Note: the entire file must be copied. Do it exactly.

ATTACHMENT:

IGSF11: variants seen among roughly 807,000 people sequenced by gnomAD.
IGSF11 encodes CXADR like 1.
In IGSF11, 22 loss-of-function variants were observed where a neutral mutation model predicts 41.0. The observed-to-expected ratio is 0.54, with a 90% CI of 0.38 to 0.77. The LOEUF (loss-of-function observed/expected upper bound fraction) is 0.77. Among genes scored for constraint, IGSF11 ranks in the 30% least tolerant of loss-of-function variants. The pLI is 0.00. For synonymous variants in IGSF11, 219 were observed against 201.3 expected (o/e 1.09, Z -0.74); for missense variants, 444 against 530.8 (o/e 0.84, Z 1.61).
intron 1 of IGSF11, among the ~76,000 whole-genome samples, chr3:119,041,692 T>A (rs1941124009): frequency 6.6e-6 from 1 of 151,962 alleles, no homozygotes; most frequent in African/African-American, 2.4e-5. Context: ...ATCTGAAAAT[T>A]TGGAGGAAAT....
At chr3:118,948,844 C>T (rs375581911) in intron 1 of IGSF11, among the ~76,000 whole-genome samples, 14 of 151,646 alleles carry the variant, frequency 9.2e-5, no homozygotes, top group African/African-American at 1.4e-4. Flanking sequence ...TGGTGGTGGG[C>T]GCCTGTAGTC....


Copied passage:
IGSF11: variants seen among roughly 807,000 people sequenced by gnomAD.
IGSF11 encodes CXADR like 1.
In IGSF11, 22 loss-of-function variants were observed where a neutral mutation model predicts 41.0. The observed-to-expected ratio is 0.54, with a 90% CI of 0.38 to 0.77. The LOEUF (loss-of-function observed/expected upper bound fraction) is 0.77. Among genes scored for constraint, IGSF11 ranks in the 30% least tolerant of loss-of-function variants. The pLI is 0.00. For synonymous variants in IGSF11, 219 were observed against 201.3 expected (o/e 1.09, Z -0.74); for missense variants, 444 against 530.8 (o/e 0.84, Z 1.61).
intron 1 of IGSF11, among the ~76,000 whole-genome samples, chr3:119,041,692 T>A (rs1941124009): frequency 6.6e-6 from 1 of 151,962 alleles, no homozygotes; most frequent in African/African-American, 2.4e-5. Context: ...ATCTGAAAAT[T>A]TGGAGGAAAT....
At chr3:118,948,844 C>T (rs375581911) in intron 1 of IGSF11, among the ~76,000 whole-genome samples, 14 of 151,646 alleles carry the variant, frequency 9.2e-5, no homozygotes, top group African/African-American at 1.4e-4. Flanking sequence ...TGGTGGTGGG[C>T]GCCTGTAGTC....